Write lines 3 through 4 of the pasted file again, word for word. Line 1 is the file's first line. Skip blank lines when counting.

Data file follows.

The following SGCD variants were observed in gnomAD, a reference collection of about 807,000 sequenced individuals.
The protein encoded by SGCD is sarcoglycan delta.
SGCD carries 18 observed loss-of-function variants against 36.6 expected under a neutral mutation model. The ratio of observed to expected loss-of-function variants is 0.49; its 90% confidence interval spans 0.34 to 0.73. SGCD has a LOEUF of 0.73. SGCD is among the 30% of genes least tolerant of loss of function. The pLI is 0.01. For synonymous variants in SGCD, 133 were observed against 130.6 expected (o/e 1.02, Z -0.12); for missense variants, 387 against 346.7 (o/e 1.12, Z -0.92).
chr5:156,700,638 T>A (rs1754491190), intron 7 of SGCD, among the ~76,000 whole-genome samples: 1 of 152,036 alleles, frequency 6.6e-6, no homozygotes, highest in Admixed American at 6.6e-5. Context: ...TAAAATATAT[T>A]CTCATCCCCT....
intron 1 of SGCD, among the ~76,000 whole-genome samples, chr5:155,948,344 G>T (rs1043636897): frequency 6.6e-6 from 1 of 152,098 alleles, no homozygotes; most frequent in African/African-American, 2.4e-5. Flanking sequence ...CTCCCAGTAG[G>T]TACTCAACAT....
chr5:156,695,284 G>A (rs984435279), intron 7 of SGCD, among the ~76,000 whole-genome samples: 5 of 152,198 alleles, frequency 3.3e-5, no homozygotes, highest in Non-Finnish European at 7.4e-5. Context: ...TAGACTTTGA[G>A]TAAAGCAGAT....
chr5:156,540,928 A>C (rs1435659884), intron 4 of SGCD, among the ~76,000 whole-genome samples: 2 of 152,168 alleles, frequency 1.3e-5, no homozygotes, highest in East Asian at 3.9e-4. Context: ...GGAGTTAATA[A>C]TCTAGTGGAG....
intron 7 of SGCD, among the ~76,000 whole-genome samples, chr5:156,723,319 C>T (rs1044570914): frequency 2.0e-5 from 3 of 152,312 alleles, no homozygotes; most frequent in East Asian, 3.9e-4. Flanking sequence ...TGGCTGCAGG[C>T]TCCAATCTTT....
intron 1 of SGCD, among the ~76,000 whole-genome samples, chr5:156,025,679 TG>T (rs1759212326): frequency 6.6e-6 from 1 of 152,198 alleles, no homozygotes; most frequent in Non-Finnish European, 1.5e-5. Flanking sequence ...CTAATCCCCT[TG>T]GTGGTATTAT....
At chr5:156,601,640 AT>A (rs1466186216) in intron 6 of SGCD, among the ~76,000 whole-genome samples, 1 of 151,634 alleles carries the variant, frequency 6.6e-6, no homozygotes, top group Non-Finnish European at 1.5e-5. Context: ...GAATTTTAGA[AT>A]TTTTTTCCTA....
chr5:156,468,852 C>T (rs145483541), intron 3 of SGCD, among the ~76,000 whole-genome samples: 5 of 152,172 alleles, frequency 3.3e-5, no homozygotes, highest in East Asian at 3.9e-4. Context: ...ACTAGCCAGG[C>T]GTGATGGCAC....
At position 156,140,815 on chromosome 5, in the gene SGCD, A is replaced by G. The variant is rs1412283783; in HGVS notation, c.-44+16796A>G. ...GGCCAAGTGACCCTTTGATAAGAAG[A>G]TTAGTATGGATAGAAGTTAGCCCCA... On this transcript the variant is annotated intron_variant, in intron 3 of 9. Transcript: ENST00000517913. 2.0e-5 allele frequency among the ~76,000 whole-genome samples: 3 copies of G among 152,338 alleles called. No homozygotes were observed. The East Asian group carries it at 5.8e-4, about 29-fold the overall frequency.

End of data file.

SGCD carries 18 observed loss-of-function variants against 36.6 expected under a neutral mutation model. The ratio of observed to expected loss-of-function variants is 0.49; its 90% confidence interval spans 0.34 to 0.73. SGCD has a LOEUF of 0.73. SGCD is among the 30% of genes least tolerant of loss of function. The pLI is 0.01. For synonymous variants in SGCD, 133 were observed against 130.6 expected (o/e 1.02, Z -0.12); for missense variants, 387 against 346.7 (o/e 1.12, Z -0.92).
chr5:156,700,638 T>A (rs1754491190), intron 7 of SGCD, among the ~76,000 whole-genome samples: 1 of 152,036 alleles, frequency 6.6e-6, no homozygotes, highest in Admixed American at 6.6e-5. Context: ...TAAAATATAT[T>A]CTCATCCCCT....